Not many investors can boast of a portfolio which is more than half full of unicorns. Japanese telecom and Internet conglomerate SoftBank Group Corp happens to be one such investor in India.
Of its seven portfolio firms, four â€“ Hike, Ola, Snapdeal and InMobi â€“ are unicorns, meaning each startup has been valued at more than $1 billion.
While SoftBank invested in InMobi for the first time in 2011, it made a bang in the Indian investment industry in the second half of 2014, when it announced infusion of a whopping over $800 million in two firms â€“ Snapdeal and Ola â€“ within a couple of days. And it could announce more during chairman and managing director Masayoshi Son's ongoing visit to India; he is taking part in events organised by HT Media Ltd on Friday and IT industry body Nasscom on Saturday.
The Japanese company led a $627 million funding round in e-commerce marketplace Snapdeal and a $210 million round in cab-hailing firm Ola. Overall, the firm has invested nearly $2.8 billion in India so far, according to VCCEdge, the data research arm of News Corp VCCircle.
SoftBank is probably looking to replicate its Alibaba success in India, an infantile mobile/Internet economy. SoftBank is the largest shareholder in Chinese e-commerce giant Alibaba Group. It invested $20 million in the firm in 2000 when it was a small e-commerce platform. In 2014, when Alibaba went public, SoftBank's 34% stake was valued at an eye-popping $54 billion.
Still, an Alibaba kind of home run seems far away. At least for now. For FY15, its portfolio companies in India had cumulative losses of nearly $450 million, according to filings with the Registrar of Companies.
A SoftBank spokesperson, in response to an email from Techcircle, refused to comment on portfolio companies or investment strategies. But the spokesperson said: "SoftBank is very bullish on India and invested in the market for the long term."
Portfolio performance SoftBank may not want to comment on its portfolio but it has marked down the value of its investments in India. Last month, SoftBank once again marked down the value of its investments in Ola and Snapdeal. The firm reported a loss of ¥58.1 billion ($555 million) from its financial instruments for the six-month period ended 30 September, largely due to a decline in the fair value of preferred stock investment, including embedded derivatives investments in Ola and Snapdeal. Of this, nearly half has been booked as a loss due to the appreciation of the Japanese yen.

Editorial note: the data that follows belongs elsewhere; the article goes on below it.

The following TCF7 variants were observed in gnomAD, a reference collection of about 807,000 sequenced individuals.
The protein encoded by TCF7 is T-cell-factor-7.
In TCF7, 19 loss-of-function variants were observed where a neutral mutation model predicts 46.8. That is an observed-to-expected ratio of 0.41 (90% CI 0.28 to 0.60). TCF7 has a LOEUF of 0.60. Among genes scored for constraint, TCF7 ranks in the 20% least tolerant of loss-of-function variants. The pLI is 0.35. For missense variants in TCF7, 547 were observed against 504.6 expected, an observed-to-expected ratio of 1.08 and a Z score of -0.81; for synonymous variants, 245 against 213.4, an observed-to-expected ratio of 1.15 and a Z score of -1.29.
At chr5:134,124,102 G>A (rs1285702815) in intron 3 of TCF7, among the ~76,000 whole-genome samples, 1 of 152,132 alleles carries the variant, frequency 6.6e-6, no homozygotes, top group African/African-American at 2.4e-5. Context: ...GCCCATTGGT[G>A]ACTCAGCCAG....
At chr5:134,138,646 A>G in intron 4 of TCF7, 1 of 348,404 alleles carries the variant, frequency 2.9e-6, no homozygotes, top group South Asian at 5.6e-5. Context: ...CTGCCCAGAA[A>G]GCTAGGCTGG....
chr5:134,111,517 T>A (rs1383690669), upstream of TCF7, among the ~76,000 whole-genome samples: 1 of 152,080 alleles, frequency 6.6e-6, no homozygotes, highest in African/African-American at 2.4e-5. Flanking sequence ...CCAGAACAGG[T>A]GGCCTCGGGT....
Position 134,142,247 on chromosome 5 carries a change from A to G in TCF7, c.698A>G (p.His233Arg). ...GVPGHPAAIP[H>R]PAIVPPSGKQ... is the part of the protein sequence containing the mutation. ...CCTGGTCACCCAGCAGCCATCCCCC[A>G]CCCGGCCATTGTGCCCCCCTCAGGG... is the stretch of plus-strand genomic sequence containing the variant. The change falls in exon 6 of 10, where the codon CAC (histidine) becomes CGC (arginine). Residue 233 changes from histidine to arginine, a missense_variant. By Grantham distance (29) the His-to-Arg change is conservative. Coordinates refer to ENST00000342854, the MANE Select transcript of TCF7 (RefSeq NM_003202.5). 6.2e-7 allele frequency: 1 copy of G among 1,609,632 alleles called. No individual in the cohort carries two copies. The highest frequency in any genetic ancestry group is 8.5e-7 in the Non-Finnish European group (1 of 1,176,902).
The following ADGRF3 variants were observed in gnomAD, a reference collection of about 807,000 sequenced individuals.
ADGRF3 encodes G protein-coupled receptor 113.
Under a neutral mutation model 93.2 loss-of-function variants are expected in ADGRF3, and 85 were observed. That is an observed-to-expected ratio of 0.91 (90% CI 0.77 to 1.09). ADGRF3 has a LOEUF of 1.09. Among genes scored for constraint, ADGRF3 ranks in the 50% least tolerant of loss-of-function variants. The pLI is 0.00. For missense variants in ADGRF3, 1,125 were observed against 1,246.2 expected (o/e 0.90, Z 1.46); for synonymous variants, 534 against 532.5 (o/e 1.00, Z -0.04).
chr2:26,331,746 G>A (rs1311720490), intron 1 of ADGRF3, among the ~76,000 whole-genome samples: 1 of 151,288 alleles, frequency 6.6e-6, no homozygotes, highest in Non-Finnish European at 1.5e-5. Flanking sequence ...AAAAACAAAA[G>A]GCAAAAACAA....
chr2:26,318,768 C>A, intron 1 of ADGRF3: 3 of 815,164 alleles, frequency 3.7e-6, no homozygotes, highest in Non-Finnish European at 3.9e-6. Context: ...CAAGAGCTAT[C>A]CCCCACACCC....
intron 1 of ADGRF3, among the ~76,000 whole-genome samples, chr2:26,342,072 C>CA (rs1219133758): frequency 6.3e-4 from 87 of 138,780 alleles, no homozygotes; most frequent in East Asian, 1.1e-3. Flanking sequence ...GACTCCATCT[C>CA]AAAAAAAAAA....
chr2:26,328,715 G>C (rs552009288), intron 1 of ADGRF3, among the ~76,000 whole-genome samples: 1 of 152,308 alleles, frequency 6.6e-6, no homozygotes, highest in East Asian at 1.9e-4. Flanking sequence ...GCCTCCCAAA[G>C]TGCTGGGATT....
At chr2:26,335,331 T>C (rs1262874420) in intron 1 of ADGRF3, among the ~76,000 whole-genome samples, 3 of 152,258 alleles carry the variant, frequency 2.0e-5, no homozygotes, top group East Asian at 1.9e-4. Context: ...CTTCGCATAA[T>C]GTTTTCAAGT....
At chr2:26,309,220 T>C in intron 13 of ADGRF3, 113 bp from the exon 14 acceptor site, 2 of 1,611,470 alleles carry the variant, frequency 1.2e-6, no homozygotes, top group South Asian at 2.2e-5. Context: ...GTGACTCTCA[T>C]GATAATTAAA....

In the first quarter ended 30 June, SoftBank had booked a loss of ¥30.2 billion ($295 million then) from the decline in the fair value of Snapdeal and Ola, mainly due to the appreciation of the Japanese currency against the rupee. This means SoftBank has doubled the book losses on value of investment last quarter. Let's look at each portfolio firm:
Snapdeal SoftBank holds a significant minority stake in Snapdeal. It had led a $627 million round of investment in the company in late 2014 followed by another round of $500 million last year. In a deal early this year, Snapdeal was reportedly valued at $6.5 billion.
In total, Snapdeal has raised around $1.65 billion from about two dozen investors. It has held preliminary talks exploring merger with two bigger rivals—Flipkart and Amazon. However, Snapdeal had denied this.
Separately, it has been in talks with existing and new investors to raise funding for its wallet Freecharge.
Ola The talks about Ola's next fundraise have been getting louder in the past couple of months as its key rival Uber said it is looking to ramp up India business even as it gave up the fight in China.
To date, Ola has raised around $1.3 billion in external funding and has been valued around $5 billion.
Housing.com Realty portal Housing.com has been in the news for about two years now. From public pot shots by then chief executive and co-founder Rahul Yadav, directed at the company's investors and board members, which led to his ouster later, to high cash burn, the once revered startup has been struggling to get back on its feet.